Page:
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01/12/2004 Archived Entry: "recognizing scam emails"

Yet another "phishing" scam, this time purporting to be from Citibank and (naturally) sending you to a web page where you can give them your account info.

We got the first tip on this from our friends at Miller Microcomputer Services, who sent us what I consider to be a perfect case study of how to read suspicious emails...in the spirit of "teach a man to fish" rather than "give a man a fish." They've given us permission to post it here, duly credited.

E-mailed MMS Client Messages are for the personal use of subscribers, and offer Windows/PC-based advice, flag money-saving opportunities at computer-chain store sales, and more. MMS consulting clients receive a courtesy subscription. Occasionally we send courtesy copies to others. Non-clients are welcome to subscribe for $25 through June 2004.

Hi, MMS Clients (and some other friends):

Today, MMS received a new flavor of an old spoof -- spam e-mail looking so official that you're likely to volunteer your personal credit information to identity thieves. We remind you NOT to click the tempting button.

A lot of these e-mail spoofs are running around, and this particular one is nearly identical to ones from last year. It was entitled, "Important Fraud Alert from Citibank", it wasn't flagged by our junk-mail filter, and it looked quite authentic. Except for an apparently unnecessary "Part 1.2" attachment, and a doubtful header line reading "Reply-to: Fionan_Illa@rocketmail.com". When we exercised Mozilla's [Ctrl-U] function to view the message header and full source code, we saw much more trouble. The sender was using very non-Enterprise mail software, the message had arrived via a foreign address, and it included a BIG attachment but no text of the message WE were reading.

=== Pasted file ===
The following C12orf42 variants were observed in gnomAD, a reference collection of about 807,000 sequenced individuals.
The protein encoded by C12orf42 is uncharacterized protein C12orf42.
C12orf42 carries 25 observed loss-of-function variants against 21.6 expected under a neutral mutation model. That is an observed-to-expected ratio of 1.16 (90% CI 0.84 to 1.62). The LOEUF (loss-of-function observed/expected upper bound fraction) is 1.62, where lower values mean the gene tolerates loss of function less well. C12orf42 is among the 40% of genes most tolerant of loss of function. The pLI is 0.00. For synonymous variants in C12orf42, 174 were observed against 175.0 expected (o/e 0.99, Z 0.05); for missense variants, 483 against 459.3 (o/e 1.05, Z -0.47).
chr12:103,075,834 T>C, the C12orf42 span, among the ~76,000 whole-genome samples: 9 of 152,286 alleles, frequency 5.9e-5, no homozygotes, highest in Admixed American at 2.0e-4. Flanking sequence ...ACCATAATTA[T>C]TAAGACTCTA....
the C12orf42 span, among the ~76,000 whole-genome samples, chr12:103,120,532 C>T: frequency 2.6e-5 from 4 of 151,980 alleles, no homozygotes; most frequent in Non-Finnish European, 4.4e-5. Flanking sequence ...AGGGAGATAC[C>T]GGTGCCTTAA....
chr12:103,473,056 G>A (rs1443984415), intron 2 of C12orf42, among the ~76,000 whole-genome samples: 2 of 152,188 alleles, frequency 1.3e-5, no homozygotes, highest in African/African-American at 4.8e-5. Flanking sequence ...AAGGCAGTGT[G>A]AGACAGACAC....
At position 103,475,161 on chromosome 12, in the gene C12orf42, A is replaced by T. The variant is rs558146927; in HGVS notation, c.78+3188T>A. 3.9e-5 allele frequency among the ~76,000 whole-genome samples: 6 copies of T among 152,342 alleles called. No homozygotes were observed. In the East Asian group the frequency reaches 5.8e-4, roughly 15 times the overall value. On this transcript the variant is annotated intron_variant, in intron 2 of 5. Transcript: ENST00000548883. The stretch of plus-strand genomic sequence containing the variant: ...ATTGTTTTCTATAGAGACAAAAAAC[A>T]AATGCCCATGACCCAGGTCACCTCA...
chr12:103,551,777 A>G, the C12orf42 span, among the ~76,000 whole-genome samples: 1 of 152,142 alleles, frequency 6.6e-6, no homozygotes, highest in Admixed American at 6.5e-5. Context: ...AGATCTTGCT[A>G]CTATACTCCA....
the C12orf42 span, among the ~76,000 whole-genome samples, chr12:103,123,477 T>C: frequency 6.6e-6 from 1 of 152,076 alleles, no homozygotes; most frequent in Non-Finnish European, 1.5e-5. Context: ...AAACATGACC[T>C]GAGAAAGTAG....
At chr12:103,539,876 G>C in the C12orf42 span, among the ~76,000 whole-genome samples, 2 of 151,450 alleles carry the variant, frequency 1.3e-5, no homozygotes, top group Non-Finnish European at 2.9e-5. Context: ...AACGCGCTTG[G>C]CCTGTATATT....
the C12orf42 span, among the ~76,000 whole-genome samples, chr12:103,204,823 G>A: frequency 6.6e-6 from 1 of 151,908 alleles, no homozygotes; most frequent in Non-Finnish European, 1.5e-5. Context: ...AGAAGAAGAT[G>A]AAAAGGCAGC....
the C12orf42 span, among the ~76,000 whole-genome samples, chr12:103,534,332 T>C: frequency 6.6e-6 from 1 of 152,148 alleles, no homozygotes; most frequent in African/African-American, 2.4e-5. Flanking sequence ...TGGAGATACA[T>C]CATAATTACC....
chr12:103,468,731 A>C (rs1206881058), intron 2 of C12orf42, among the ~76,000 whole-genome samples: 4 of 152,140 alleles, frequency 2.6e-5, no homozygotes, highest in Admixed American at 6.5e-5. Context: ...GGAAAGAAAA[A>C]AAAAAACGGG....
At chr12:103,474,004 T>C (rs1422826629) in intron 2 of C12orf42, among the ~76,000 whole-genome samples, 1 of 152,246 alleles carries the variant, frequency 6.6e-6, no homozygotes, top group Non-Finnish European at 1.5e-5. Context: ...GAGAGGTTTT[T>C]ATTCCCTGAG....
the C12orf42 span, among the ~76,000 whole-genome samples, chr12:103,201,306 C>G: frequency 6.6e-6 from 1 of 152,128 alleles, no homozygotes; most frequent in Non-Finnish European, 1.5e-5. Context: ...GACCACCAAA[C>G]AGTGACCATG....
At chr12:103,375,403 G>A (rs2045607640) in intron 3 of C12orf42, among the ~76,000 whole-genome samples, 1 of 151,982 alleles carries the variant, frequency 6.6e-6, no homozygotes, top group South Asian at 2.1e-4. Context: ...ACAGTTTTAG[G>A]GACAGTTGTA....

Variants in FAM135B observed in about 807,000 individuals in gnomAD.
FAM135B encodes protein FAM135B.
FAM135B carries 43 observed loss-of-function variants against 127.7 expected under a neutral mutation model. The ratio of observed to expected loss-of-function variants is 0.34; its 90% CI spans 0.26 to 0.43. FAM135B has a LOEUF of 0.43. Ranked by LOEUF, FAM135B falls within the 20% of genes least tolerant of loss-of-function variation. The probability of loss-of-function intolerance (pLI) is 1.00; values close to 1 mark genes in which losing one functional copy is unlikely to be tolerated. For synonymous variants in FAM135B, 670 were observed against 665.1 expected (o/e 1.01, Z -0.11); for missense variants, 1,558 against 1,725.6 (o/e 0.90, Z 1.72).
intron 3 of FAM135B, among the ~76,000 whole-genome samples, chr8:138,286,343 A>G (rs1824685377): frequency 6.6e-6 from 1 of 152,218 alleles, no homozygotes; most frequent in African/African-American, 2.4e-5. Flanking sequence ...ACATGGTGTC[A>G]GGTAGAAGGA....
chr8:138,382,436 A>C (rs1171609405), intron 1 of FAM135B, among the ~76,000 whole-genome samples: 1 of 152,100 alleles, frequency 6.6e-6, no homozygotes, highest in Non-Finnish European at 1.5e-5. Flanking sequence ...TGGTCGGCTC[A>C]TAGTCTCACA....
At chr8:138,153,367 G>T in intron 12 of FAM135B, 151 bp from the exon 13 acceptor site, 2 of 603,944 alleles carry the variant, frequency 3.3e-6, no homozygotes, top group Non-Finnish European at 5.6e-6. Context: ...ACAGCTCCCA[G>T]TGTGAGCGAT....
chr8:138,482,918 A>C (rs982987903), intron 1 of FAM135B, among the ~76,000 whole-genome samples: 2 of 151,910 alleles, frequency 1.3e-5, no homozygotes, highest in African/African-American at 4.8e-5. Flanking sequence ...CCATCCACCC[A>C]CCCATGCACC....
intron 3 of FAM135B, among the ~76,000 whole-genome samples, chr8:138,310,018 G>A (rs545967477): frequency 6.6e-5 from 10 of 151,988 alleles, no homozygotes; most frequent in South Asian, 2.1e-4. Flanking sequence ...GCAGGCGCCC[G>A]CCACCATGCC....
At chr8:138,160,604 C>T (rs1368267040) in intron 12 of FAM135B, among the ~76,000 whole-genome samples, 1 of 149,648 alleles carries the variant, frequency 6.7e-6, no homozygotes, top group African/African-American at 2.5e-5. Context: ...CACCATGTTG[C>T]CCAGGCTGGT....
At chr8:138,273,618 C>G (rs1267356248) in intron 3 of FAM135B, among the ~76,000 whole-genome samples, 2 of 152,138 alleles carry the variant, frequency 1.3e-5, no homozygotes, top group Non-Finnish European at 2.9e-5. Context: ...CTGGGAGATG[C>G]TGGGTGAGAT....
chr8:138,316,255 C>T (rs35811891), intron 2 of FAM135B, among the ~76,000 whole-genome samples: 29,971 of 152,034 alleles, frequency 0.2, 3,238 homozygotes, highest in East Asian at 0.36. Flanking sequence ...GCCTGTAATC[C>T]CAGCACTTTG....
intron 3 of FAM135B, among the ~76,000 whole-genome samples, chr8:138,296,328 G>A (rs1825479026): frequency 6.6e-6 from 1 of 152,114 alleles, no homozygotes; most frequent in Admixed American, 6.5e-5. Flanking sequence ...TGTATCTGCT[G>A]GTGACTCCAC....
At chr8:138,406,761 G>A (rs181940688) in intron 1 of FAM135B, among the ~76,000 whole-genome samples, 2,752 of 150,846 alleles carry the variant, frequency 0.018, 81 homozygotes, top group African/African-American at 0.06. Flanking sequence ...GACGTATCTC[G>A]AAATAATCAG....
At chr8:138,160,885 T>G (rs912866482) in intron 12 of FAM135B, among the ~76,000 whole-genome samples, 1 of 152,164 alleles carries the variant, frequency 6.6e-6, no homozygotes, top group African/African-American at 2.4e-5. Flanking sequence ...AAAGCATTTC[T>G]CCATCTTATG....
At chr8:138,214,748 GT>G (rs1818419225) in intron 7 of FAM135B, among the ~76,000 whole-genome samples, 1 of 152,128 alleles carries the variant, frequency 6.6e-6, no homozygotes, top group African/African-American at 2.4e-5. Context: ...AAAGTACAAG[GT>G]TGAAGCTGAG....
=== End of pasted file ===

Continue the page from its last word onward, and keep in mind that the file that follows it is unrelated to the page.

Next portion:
When in doubt, don't proceed! Instead, I Googled "Important Fraud Alert from Citibank" and found multiple evidences that this was a scam. Then I browsed to "citibank.com" (MY entry of a safe URL). Sure enough, the REAL CitiBank web site has an "E-mail Fraud" link at the bottom of its main page, and that link listed many variations of this fraud. But it didn't show our specific variant, so we opted to tell them about it.

You can trace our steps to learn more. Or, just stay suspicious of unsolicited "official" messages. As you already know, check before tapping any of the handy links on any message that may be bogus!

This spam uses only one scam of many. Spam messages can load a virus that harms your computer, sends its data elsewhere, and more. Some spam attachments are disguised as tiny images, or buried within large ones. Some MS-Outlook/Internet Explorer users have had them auto-execute with no user intervention. That's just one of many reasons we push our clients to Mozilla, instead.

I'll echo their final advice: please use an email program that reveals the "gotchas" that can hide in email -- like attachment names, email headers, and embedded links -- and allows you to view email as plain text and in full (with all headers).

A followup to a previous posting: to use proxy auto configuration with Netscape 7.1 or Mozilla 1.4, just use the "no-ads.pac" file as distributed. You don't need to edit it to specify a proxy server. This also works with Internet Explorer, but you're not still using IE, are you?


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